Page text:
A NEW Covid variant from New York has found its way to the UK after health chiefs detected three cases.
Experts fear the new variant, called B.1.526, may carry a mutation that may weaken the effectiveness of vaccines.
Health chiefs say three cases of the variant were discovered in travellers quarantine after arriving into the UK.
Many cases of B.1.526 have been found to contain a mutation called E484K.
This mutation has also been seen in South Africa and Brazil, and is thought to help the virus partially dodge the vaccines.
The mutation makes it difficult for the immune system to recognise by changing the shape of the virus's outer spike protein.
However Public Health England say none of the cases found in the UK contain the dangerous mutation.
Meera Chand, PHE Incident Director for COVID-19, said: “Public Health England is aware of three UK cases of the B.1.526 lineage of SARS-CoV-2 that was first detected in New York.
“None of these cases feature the E84K or S477N mutations that are present on some Variants of Concern.
“PHE is monitoring the situation closely.”
“We are working with partners across the world to identify and mitigate the impact of variants as they emerge.”
A virologist at the University of Warwick believes the variant is a “cause for concern”.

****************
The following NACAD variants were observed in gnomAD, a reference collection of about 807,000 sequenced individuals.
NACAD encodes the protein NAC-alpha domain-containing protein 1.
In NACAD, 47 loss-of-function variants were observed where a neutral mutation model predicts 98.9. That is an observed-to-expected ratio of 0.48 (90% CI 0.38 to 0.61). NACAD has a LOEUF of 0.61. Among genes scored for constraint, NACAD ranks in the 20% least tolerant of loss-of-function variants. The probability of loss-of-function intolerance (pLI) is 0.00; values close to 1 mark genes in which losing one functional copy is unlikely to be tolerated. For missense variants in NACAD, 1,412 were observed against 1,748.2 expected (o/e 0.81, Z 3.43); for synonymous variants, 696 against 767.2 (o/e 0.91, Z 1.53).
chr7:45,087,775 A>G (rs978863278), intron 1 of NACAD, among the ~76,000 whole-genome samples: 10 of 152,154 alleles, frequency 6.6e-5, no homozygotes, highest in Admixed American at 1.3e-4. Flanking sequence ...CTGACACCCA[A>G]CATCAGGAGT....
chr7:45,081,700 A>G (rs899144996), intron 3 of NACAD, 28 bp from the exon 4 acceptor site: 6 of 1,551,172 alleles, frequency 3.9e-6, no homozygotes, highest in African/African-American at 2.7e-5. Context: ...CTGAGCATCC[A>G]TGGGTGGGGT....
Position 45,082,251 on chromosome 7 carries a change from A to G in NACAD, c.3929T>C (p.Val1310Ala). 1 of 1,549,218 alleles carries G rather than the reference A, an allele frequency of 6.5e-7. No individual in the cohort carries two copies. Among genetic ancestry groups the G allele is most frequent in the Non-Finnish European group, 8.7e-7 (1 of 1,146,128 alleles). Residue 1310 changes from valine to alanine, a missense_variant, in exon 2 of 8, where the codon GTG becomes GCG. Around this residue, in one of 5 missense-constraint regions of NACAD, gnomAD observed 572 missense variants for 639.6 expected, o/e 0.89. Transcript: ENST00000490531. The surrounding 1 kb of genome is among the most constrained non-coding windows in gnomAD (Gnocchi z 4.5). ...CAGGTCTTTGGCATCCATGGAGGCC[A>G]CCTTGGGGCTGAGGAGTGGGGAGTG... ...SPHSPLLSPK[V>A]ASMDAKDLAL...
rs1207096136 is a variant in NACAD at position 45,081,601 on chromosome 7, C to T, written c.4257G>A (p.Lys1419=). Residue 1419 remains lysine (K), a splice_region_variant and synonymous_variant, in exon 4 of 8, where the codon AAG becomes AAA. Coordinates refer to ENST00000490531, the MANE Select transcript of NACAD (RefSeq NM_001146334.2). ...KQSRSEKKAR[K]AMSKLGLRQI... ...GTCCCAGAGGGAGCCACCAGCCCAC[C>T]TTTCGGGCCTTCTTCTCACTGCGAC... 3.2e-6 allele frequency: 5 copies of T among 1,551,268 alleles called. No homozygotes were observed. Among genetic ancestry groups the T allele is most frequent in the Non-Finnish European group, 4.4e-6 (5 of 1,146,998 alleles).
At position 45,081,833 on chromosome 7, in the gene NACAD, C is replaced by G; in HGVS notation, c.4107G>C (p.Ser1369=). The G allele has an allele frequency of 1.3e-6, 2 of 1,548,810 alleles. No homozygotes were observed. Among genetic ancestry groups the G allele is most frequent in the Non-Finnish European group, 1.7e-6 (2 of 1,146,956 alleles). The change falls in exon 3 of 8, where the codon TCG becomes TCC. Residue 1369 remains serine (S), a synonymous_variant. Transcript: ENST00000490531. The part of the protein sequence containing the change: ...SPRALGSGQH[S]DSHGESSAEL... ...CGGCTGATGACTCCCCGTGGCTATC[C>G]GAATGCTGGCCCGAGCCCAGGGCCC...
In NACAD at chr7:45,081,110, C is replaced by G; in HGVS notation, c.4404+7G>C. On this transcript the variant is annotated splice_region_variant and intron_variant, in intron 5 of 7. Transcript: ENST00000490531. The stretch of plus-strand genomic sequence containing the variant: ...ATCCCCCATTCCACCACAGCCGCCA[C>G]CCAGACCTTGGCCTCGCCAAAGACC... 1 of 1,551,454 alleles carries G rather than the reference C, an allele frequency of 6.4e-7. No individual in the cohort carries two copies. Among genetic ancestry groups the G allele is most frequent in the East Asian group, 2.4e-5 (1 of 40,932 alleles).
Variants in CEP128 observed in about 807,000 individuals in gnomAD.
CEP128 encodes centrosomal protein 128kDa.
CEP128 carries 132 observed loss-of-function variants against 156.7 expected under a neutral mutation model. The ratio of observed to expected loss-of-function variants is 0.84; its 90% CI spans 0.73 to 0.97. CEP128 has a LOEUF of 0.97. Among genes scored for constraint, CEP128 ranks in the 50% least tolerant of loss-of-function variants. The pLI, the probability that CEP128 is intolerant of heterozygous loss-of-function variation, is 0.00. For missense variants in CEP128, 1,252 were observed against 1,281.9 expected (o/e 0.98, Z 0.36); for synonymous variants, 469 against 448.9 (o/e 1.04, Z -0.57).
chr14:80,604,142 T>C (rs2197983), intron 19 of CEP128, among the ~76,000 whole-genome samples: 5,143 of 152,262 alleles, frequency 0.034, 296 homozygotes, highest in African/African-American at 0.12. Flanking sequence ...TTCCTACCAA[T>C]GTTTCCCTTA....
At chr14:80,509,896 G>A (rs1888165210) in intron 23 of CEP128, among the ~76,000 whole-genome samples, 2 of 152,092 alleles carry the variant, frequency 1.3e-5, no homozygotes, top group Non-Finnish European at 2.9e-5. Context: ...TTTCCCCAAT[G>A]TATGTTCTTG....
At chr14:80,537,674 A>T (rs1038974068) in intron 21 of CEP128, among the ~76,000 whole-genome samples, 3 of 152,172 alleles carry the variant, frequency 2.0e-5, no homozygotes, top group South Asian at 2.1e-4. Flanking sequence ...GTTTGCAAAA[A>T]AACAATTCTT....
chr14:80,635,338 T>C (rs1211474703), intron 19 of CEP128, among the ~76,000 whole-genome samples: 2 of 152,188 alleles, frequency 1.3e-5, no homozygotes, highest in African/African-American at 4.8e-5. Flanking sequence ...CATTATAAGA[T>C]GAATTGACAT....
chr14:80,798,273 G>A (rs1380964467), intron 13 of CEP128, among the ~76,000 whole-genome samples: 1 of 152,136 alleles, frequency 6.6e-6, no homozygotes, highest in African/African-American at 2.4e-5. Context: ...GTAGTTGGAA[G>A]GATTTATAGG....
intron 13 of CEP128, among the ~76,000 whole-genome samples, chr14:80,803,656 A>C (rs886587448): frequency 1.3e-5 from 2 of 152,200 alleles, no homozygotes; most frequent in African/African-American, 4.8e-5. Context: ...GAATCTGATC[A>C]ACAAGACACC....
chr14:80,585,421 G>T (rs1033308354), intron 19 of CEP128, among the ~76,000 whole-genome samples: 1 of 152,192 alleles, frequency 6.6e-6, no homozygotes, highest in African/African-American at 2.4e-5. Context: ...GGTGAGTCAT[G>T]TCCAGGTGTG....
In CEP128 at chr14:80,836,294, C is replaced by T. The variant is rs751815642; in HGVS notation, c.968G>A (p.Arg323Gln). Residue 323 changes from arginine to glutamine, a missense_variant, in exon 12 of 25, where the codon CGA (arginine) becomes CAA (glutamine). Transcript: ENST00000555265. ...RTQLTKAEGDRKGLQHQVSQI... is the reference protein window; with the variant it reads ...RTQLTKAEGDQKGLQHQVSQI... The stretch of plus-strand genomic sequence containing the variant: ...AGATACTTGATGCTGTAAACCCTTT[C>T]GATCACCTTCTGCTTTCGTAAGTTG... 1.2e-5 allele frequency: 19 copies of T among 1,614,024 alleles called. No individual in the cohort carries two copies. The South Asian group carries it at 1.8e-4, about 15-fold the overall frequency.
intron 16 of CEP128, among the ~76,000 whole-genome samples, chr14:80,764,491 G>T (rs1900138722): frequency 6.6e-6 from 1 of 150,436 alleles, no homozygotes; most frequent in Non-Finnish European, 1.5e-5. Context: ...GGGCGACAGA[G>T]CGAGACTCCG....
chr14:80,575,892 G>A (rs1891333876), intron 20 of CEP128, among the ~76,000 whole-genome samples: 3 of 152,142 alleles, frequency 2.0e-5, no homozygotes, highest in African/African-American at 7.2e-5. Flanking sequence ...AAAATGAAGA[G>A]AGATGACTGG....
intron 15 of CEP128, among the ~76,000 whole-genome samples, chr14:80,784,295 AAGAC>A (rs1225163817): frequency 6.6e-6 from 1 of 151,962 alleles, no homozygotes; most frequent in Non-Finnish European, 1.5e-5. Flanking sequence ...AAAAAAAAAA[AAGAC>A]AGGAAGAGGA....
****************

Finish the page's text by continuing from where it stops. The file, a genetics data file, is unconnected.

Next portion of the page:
Professor Lawrence Young told MailOnline: “This find reinforces how important it is to keep an eye on things, we are not out of the woods yet.
“It reinforces the fact that while things are looking really good right now there is no room for complacency.
“We need to keep Test and Trace going and stamp out what are inevitably going to be local outbreaks.'”
Several other other European countries have reported cases of the variant.
Ireland has recorded five, Croatia has seen three and Germany have had one.
Meanwhile in America there have been 2,565 cases so far.
Researchers at Columbia University sequenced over a thousand samples from Covid patients in New York at their medical center.
They found that 12 per cent of people with the virus had been infected with the variant that contains the mutation E484K.
The study showed that patients that were infected with the virus carrying that mutation were about six years older on average and more likely to have been hospitalized.
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